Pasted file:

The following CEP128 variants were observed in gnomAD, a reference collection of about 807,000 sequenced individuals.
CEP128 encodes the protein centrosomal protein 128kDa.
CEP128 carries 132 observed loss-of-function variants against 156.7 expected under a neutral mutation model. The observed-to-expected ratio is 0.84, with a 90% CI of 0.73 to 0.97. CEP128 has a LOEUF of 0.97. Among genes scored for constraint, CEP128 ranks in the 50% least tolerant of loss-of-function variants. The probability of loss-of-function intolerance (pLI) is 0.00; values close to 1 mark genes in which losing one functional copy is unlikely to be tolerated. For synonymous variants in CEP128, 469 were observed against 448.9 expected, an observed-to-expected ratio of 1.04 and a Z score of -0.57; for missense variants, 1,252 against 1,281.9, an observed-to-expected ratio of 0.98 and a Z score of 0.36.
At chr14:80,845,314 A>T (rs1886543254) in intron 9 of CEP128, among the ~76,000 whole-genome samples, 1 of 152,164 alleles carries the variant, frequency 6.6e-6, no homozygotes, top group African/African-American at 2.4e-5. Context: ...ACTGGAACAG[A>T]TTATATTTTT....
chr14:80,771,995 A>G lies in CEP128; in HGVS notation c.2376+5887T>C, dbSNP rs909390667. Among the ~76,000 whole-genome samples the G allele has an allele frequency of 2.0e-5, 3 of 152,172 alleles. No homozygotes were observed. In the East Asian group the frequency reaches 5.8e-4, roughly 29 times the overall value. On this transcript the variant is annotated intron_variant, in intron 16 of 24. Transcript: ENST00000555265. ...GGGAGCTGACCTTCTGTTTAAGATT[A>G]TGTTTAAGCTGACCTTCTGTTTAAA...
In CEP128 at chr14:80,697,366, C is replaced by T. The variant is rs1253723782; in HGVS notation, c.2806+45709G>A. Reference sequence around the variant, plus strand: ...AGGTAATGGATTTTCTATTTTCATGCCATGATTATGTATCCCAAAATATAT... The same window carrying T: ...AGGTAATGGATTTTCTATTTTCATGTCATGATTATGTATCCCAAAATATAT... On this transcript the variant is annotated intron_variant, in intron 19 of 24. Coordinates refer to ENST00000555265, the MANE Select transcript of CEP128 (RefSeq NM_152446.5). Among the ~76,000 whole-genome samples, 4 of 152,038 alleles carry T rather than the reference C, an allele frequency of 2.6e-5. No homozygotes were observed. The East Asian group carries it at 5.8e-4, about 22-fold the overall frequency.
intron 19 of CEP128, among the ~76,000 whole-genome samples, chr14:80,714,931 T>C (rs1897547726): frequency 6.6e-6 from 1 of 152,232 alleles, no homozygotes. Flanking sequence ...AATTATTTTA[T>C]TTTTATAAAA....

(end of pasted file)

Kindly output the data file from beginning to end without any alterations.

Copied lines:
The following CEP128 variants were observed in gnomAD, a reference collection of about 807,000 sequenced individuals.
CEP128 encodes the protein centrosomal protein 128kDa.
CEP128 carries 132 observed loss-of-function variants against 156.7 expected under a neutral mutation model. The observed-to-expected ratio is 0.84, with a 90% CI of 0.73 to 0.97. CEP128 has a LOEUF of 0.97. Among genes scored for constraint, CEP128 ranks in the 50% least tolerant of loss-of-function variants. The probability of loss-of-function intolerance (pLI) is 0.00; values close to 1 mark genes in which losing one functional copy is unlikely to be tolerated. For synonymous variants in CEP128, 469 were observed against 448.9 expected, an observed-to-expected ratio of 1.04 and a Z score of -0.57; for missense variants, 1,252 against 1,281.9, an observed-to-expected ratio of 0.98 and a Z score of 0.36.
At chr14:80,845,314 A>T (rs1886543254) in intron 9 of CEP128, among the ~76,000 whole-genome samples, 1 of 152,164 alleles carries the variant, frequency 6.6e-6, no homozygotes, top group African/African-American at 2.4e-5. Context: ...ACTGGAACAG[A>T]TTATATTTTT....
chr14:80,771,995 A>G lies in CEP128; in HGVS notation c.2376+5887T>C, dbSNP rs909390667. Among the ~76,000 whole-genome samples the G allele has an allele frequency of 2.0e-5, 3 of 152,172 alleles. No homozygotes were observed. In the East Asian group the frequency reaches 5.8e-4, roughly 29 times the overall value. On this transcript the variant is annotated intron_variant, in intron 16 of 24. Transcript: ENST00000555265. ...GGGAGCTGACCTTCTGTTTAAGATT[A>G]TGTTTAAGCTGACCTTCTGTTTAAA...
In CEP128 at chr14:80,697,366, C is replaced by T. The variant is rs1253723782; in HGVS notation, c.2806+45709G>A. Reference sequence around the variant, plus strand: ...AGGTAATGGATTTTCTATTTTCATGCCATGATTATGTATCCCAAAATATAT... The same window carrying T: ...AGGTAATGGATTTTCTATTTTCATGTCATGATTATGTATCCCAAAATATAT... On this transcript the variant is annotated intron_variant, in intron 19 of 24. Coordinates refer to ENST00000555265, the MANE Select transcript of CEP128 (RefSeq NM_152446.5). Among the ~76,000 whole-genome samples, 4 of 152,038 alleles carry T rather than the reference C, an allele frequency of 2.6e-5. No homozygotes were observed. The East Asian group carries it at 5.8e-4, about 22-fold the overall frequency.
intron 19 of CEP128, among the ~76,000 whole-genome samples, chr14:80,714,931 T>C (rs1897547726): frequency 6.6e-6 from 1 of 152,232 alleles, no homozygotes. Flanking sequence ...AATTATTTTA[T>C]TTTTATAAAA....